What do I do if my unvaccinated pet has been bitten by a known or suspected rabid animal or unknown animal?

Have your pet seen by the veterinarian right away for wound care and assessment for rabies risk.  Report the bite to local authorities.

If the animal that bit your pet is available and can be safely secured, have them contained.  A wild animal will be humanely euthanized and the brain tissue tested for rabies virus.  A pet will usually be quarantined at a veterinary hospital or humane society for ten days.  If neurological signs develop during the quarantine period, he or she will be humanely euthanized and the brain tissue tested for rabies virus.

If the animal that bit your pet can not be contained and confirmed to be rabies-free, your pet will probably be required to be quarantined away from other pets and people either at your home or at a veterinary hospital or humane society (depending on local and state laws) for six months and vaccinated at the beginning of the quarantine period.

Why six months?

If rabies disease is going to develop, clinical signs will usually begin between two weeks and six months after exposure to the rabies virus.  During the quarantine, if your pet develops any neurological signs or abnormal behavior, report the changes to your veterinarian right away.

What do I do if my vaccinated pet has been bitten by a known or suspected rabid animal or unknown animal?

Have your pet seen by the veterinarian right away for wound care and assessment for rabies risk.  Report the bite to local authorities.  Your pet may be required to be quarantined away from other pets and people at your home for six months and should be revaccinated at the beginning of the quarantine period.

If the animal that bit your pet is available and can be safely secured, have them contained.  A wild animal will be humanely euthanized and the brain tissue tested for rabies virus.  A pet will usually be quarantined at a veterinary hospital or humane society for ten days.  If neurological signs develop during the quarantine period, he or she will be humanely euthanized and the brain tissue tested for rabies virus.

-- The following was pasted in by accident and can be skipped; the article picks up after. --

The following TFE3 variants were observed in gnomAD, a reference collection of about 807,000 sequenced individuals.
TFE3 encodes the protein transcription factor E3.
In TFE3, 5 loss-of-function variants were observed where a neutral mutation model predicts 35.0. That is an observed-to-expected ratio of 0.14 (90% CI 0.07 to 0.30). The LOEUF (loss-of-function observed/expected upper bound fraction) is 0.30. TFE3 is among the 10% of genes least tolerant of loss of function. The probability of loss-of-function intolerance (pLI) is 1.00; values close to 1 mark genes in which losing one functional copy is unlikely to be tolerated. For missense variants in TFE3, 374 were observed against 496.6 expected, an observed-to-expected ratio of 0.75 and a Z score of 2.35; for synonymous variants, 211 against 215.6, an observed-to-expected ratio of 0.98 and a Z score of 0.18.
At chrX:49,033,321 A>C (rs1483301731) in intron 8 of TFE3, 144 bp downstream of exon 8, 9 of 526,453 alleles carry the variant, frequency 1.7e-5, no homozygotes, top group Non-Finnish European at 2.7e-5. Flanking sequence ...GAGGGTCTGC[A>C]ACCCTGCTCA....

What do I do if my vaccinated pet has been bitten by another vaccinated pet?

Have your pet seen by the veterinarian right away for wound care.  Report the bite to local authorities.  Your pet is at very low risk for contracting rabies disease.  The animal who has bitten will probably be required to be quarantined away from other pets and people at their home for ten days.

What if euthanasia of the animal who has bitten is chosen over quarantine?

If  the animal who has bitten is euthanized or passes away at any time before ten days post-bite, the brain tissue should be tested for the presence of rabies virus.

Should my pet be vaccinated against rabies disease?

Yes!  Yearly or every three years, depending on your individual pet and local laws.  Pets with certain immune conditions or illnesses may be exempt from vaccination, depending on your veterinarian’s recommendation and local laws.

Should I be vaccinated against rabies disease?

Maybe!  The human rabies vaccination is recommended for veterinarians, veterinary technicians and animal control officers.  Consult your MD about the vaccine.  A series of two vaccinations are given, and titers are routinely tested.  If titers are low, revaccination is recommended.

Do I need to know anything else about rabies?

I hope not!  You should learn as much as you need to in order to minimize the risks of contracting rabies disease for you and your pets.  Let this be a starting place.  Make sure you also consult the following three teams…

  1. Your human medical team – Your own doctor can help you determine your personal risk and whether rabies vaccination is recommended.  Please visit your human medical team immediately as well if you are ever bitten or scratched.
  2. Your veterinary team – Your own veterinarian can help you determine your pets’ risk and personal rabies vaccination schedule.  Please consult your veterinary team if your pet is bitten or scratched or has bitten or scratched another pet or person.
  3. Local authorities – Your local authorities are your best resource for community-specific laws regarding rabies.  All bites to people and pets should be reported.  The local authorities can also help determine the best course of action in specific cases to best minimize the risks of contracting rabies disease for pets and people.
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May you never deal with rabies disease in Real Life except for taking the steps needed to keep yourself and your pets healthy and safe.